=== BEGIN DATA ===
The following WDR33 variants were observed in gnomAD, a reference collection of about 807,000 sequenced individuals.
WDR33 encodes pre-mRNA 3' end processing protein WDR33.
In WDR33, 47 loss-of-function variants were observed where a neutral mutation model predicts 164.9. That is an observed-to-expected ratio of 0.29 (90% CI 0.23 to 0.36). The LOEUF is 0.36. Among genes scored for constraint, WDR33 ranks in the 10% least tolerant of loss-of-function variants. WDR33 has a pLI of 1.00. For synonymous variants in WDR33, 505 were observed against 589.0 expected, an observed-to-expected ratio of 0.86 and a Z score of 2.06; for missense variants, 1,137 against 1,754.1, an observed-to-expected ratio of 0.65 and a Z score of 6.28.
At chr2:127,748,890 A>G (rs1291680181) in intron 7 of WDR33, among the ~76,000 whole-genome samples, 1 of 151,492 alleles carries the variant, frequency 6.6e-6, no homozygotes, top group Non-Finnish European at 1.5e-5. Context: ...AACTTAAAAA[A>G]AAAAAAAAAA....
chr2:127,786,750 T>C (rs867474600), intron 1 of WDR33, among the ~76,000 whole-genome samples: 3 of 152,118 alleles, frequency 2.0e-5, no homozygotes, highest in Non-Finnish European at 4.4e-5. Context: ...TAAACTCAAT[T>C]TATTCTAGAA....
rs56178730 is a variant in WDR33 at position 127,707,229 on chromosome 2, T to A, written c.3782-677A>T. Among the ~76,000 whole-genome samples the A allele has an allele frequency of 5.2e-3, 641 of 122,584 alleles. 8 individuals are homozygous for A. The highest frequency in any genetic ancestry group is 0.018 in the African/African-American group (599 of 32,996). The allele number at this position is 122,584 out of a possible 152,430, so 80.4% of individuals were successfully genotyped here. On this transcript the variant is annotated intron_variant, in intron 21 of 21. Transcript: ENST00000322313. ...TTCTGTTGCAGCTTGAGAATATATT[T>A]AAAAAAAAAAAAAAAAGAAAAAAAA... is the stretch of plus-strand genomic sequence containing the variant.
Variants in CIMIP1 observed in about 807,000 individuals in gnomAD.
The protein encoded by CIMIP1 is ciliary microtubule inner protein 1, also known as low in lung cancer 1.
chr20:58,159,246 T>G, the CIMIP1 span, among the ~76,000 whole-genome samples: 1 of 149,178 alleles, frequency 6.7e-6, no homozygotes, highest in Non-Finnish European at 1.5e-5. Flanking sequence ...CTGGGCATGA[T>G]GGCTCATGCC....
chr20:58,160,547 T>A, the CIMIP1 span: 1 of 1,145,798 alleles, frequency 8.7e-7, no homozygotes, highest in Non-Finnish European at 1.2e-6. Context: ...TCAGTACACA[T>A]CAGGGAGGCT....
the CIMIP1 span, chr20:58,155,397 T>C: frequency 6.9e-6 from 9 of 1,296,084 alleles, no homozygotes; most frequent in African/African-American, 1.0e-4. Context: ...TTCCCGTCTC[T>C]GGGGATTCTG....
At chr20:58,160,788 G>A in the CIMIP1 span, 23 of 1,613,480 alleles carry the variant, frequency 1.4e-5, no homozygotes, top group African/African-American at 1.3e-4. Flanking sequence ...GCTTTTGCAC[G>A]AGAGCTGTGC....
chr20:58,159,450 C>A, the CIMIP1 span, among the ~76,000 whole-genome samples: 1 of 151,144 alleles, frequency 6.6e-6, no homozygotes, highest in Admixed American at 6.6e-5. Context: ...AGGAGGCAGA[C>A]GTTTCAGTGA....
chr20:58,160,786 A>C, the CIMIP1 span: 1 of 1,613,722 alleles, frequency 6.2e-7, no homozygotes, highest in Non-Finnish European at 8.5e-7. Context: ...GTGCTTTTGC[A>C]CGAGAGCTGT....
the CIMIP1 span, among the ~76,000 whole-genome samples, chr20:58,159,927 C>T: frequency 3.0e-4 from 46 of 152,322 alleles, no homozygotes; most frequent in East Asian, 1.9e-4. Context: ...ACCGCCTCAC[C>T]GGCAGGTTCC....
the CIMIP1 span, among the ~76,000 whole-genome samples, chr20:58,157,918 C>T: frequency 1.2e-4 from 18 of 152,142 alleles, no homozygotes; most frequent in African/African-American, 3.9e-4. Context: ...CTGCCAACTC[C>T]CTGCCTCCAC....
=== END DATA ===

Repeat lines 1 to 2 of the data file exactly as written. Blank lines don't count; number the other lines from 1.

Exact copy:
The following WDR33 variants were observed in gnomAD, a reference collection of about 807,000 sequenced individuals.
WDR33 encodes pre-mRNA 3' end processing protein WDR33.